Design: Solve a Problem

Design: Solve a Problem

Design: Solve a Problem

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Presentation Transcript

1. Design: Solve a Problem • Baliga Lab-Eric Muhs • August, 2011

2. What is Design? Systematic Problem Solving Balancing Criteria: standards with which to judge success Constraints: limitations on possible solutions or problems

3. For the ipod, what were possible criteria the designers were trying to meet? Constraints?

4. Define the Problem Or Need Identify Criteria & Restraints Devise A Plan Research Brainstorm Solutions Weigh Tradeoffs Carry OutBest Approach Evaluate & Refine Test & Interpret Data Recommend Improvements Communicate Results Design: An Iterative Process

5. Measurement Challenge Design a method to measure wind speed.

6. Record The Following • Statement of the Problem • Identified Criteria • Identified Constraints Brainstorm As Many Solutions As Possible With Your Group

7. Choose An Approach • Weigh tradeoffs • Build it • Calibrate it • Measure an unknown Be sure to...RECORD EACH STEP!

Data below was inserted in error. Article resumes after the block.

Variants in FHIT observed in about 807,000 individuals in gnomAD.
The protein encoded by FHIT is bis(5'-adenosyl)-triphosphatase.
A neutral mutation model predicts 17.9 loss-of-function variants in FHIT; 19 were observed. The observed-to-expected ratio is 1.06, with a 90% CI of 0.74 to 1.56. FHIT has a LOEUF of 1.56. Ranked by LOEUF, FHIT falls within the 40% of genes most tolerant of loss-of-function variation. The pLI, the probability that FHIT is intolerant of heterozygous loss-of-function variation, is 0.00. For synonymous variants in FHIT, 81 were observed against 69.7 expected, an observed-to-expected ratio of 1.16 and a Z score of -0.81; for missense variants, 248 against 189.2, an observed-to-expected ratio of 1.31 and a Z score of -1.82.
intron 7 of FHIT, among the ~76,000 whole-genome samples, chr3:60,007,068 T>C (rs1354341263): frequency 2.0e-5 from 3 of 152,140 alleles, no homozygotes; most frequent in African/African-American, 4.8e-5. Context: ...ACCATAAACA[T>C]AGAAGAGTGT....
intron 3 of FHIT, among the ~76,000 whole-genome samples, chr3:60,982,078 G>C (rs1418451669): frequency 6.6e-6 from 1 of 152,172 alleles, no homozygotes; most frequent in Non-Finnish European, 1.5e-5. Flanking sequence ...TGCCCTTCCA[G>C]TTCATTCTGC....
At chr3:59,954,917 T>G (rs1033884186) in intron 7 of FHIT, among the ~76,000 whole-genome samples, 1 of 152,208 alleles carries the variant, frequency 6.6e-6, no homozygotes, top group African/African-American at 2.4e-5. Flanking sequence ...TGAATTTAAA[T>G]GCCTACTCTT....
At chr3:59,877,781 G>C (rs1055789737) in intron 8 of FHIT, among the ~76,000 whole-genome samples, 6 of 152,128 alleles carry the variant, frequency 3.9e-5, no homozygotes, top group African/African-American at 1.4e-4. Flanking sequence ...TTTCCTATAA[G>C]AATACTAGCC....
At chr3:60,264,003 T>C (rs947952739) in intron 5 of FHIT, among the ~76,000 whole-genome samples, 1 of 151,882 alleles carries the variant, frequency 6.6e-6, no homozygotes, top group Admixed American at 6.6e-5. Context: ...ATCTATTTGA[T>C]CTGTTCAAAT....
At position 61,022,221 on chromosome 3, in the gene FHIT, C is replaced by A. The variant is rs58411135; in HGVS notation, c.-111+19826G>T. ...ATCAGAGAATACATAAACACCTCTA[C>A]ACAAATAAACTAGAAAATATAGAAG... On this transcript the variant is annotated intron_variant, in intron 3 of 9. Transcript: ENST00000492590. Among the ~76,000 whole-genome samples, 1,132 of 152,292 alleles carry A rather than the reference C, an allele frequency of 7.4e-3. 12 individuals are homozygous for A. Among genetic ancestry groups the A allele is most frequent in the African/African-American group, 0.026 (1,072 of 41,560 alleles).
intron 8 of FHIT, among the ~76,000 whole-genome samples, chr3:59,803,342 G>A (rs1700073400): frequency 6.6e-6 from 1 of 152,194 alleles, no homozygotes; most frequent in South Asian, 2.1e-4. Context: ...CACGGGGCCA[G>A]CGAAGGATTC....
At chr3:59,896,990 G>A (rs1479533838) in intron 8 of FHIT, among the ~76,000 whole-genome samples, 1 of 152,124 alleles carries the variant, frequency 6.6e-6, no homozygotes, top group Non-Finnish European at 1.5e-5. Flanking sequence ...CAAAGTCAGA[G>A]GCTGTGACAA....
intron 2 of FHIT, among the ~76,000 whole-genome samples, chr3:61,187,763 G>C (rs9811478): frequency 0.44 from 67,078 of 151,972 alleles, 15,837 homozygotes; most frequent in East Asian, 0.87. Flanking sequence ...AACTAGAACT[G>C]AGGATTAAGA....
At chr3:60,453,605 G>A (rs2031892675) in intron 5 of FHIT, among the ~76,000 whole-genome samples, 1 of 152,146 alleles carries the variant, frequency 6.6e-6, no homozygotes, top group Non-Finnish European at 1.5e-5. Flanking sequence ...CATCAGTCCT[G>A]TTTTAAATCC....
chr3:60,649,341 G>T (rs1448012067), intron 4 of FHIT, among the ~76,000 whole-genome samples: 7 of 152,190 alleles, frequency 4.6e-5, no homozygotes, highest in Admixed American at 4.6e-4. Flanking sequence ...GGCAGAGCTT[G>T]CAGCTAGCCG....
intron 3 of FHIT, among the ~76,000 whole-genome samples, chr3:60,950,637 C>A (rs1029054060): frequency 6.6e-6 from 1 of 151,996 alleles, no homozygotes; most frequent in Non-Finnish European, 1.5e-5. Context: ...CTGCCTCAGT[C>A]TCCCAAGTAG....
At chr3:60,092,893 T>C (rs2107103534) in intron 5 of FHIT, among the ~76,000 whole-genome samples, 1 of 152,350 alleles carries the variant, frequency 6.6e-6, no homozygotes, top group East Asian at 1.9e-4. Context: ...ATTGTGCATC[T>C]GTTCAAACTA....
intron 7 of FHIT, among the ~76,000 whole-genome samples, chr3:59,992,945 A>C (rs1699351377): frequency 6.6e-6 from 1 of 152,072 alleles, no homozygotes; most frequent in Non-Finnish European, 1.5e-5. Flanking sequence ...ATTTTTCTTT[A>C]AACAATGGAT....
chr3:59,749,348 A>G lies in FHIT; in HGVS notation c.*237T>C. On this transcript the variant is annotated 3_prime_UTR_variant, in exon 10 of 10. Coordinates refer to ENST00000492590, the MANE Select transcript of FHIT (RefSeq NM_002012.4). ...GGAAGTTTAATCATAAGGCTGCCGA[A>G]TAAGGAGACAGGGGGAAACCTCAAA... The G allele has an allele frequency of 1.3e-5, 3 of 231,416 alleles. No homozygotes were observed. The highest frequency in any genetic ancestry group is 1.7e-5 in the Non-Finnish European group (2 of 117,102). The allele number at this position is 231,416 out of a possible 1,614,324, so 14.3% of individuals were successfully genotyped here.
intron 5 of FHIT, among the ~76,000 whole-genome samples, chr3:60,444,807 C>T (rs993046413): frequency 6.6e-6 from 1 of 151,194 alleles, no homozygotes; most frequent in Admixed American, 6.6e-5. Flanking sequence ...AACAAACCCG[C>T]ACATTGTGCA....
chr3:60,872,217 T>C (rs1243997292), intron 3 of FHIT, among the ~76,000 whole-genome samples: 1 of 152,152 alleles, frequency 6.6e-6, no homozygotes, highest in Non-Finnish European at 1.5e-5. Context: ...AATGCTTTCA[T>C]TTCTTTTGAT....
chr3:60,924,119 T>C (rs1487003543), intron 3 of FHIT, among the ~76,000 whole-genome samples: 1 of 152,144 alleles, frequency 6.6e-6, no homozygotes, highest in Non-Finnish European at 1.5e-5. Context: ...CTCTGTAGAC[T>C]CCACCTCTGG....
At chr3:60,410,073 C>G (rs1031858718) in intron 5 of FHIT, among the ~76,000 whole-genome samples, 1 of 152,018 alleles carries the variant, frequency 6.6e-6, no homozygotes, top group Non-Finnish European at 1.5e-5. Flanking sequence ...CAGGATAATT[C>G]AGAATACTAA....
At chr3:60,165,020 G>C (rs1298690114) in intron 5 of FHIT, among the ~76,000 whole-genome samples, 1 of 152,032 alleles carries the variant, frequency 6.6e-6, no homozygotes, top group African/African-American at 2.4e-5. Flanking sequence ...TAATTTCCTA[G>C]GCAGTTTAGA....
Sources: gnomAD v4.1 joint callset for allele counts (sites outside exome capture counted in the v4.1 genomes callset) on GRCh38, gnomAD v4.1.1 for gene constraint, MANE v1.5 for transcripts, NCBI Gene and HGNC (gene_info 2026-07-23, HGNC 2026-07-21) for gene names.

8. To calibrate & then measure unknown wind speeds: • Use a standard box fan • Your teacher has measured the wind speed at 3 distances from the box fan. • Then, use your device to measure the wind speed of an unknown fan at 3 different distances • Report your measurements to your teacher, and compare them to the actual values. • Evaluate your device.

9. Evaluate Your Results Did You Meet Your Criteria? What are the next steps?

10. Final Thoughts: Legal Wind? World Records for certain Track & Field events are denied if the assisting tailwind exceeds +2.0 m/s during the event. Could your design be used to measure the wind speed for Track & Field events? How would your identified design criteria have to change? Tyson Gay ran the fastest 100m (9.68s) at the 2008 US Olympic Trial Finals—but was kept out of the record books by a 4.1 m/s tailwind